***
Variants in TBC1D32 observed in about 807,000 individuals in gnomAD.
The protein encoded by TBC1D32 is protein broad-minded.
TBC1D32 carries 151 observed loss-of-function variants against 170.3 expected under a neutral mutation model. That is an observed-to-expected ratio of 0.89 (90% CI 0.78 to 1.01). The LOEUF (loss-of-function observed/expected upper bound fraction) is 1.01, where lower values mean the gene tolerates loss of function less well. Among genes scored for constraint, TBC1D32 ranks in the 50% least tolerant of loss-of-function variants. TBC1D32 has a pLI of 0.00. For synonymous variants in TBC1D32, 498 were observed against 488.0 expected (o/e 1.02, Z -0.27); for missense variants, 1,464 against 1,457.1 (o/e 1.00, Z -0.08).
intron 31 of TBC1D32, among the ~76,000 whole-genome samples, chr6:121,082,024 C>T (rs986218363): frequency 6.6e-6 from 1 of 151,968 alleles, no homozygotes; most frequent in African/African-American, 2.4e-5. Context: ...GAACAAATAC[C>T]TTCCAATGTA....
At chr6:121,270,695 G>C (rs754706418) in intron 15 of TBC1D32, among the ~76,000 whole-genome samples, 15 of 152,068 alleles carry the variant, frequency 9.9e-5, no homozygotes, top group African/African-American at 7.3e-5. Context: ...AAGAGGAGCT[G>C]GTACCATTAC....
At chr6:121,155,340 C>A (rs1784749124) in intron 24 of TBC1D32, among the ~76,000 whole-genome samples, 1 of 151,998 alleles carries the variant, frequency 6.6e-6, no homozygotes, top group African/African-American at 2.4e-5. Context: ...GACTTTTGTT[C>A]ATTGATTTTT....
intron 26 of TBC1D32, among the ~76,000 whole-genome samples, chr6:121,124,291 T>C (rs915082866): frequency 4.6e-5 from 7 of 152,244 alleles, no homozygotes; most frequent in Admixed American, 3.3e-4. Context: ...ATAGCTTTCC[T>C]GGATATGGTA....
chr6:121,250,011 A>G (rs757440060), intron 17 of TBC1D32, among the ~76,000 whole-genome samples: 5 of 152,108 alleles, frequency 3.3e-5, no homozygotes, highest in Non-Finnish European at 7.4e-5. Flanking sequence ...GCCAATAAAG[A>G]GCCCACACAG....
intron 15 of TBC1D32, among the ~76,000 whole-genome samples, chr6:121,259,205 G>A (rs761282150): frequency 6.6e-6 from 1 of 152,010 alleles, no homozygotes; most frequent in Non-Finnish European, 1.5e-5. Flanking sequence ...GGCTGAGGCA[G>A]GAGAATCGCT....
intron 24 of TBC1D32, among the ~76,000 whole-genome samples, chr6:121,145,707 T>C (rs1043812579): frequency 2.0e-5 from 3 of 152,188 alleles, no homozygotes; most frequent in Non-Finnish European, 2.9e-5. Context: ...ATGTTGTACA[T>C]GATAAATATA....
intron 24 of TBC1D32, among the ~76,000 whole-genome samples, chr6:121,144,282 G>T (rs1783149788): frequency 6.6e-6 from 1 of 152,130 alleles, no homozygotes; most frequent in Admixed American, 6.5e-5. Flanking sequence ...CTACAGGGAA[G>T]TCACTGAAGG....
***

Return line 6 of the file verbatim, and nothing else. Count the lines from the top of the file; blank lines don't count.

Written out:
At chr6:121,155,340 C>A (rs1784749124) in intron 24 of TBC1D32, among the ~76,000 whole-genome samples, 1 of 151,998 alleles carries the variant, frequency 6.6e-6, no homozygotes, top group African/African-American at 2.4e-5. Context: ...GACTTTTGTT[C>A]ATTGATTTTT....